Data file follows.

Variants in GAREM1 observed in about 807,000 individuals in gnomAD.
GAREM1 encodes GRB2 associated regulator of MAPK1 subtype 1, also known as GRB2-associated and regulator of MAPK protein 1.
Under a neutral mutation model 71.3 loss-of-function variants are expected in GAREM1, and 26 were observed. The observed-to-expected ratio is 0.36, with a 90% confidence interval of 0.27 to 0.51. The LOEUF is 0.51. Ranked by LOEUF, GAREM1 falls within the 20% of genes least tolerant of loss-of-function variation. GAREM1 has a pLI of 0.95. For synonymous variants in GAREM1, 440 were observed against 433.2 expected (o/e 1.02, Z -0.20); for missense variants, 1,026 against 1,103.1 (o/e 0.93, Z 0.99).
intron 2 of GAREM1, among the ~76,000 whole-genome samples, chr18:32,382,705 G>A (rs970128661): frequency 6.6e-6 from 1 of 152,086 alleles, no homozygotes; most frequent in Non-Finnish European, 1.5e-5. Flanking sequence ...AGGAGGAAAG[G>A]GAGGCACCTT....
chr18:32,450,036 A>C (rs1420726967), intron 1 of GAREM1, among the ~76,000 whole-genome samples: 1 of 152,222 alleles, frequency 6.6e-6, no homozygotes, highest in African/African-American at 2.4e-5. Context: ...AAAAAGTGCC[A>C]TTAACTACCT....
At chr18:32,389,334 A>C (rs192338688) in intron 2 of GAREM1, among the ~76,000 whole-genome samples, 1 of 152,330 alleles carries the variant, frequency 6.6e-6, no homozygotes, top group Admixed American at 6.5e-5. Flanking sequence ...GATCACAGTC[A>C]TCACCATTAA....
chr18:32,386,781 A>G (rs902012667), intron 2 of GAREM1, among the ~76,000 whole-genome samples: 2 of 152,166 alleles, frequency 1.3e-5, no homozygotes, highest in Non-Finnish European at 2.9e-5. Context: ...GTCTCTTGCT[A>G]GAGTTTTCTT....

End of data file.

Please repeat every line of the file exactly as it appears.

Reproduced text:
Variants in GAREM1 observed in about 807,000 individuals in gnomAD.
GAREM1 encodes GRB2 associated regulator of MAPK1 subtype 1, also known as GRB2-associated and regulator of MAPK protein 1.
Under a neutral mutation model 71.3 loss-of-function variants are expected in GAREM1, and 26 were observed. The observed-to-expected ratio is 0.36, with a 90% confidence interval of 0.27 to 0.51. The LOEUF is 0.51. Ranked by LOEUF, GAREM1 falls within the 20% of genes least tolerant of loss-of-function variation. GAREM1 has a pLI of 0.95. For synonymous variants in GAREM1, 440 were observed against 433.2 expected (o/e 1.02, Z -0.20); for missense variants, 1,026 against 1,103.1 (o/e 0.93, Z 0.99).
intron 2 of GAREM1, among the ~76,000 whole-genome samples, chr18:32,382,705 G>A (rs970128661): frequency 6.6e-6 from 1 of 152,086 alleles, no homozygotes; most frequent in Non-Finnish European, 1.5e-5. Flanking sequence ...AGGAGGAAAG[G>A]GAGGCACCTT....
chr18:32,450,036 A>C (rs1420726967), intron 1 of GAREM1, among the ~76,000 whole-genome samples: 1 of 152,222 alleles, frequency 6.6e-6, no homozygotes, highest in African/African-American at 2.4e-5. Context: ...AAAAAGTGCC[A>C]TTAACTACCT....
At chr18:32,389,334 A>C (rs192338688) in intron 2 of GAREM1, among the ~76,000 whole-genome samples, 1 of 152,330 alleles carries the variant, frequency 6.6e-6, no homozygotes, top group Admixed American at 6.5e-5. Flanking sequence ...GATCACAGTC[A>C]TCACCATTAA....
chr18:32,386,781 A>G (rs902012667), intron 2 of GAREM1, among the ~76,000 whole-genome samples: 2 of 152,166 alleles, frequency 1.3e-5, no homozygotes, highest in Non-Finnish European at 2.9e-5. Context: ...GTCTCTTGCT[A>G]GAGTTTTCTT....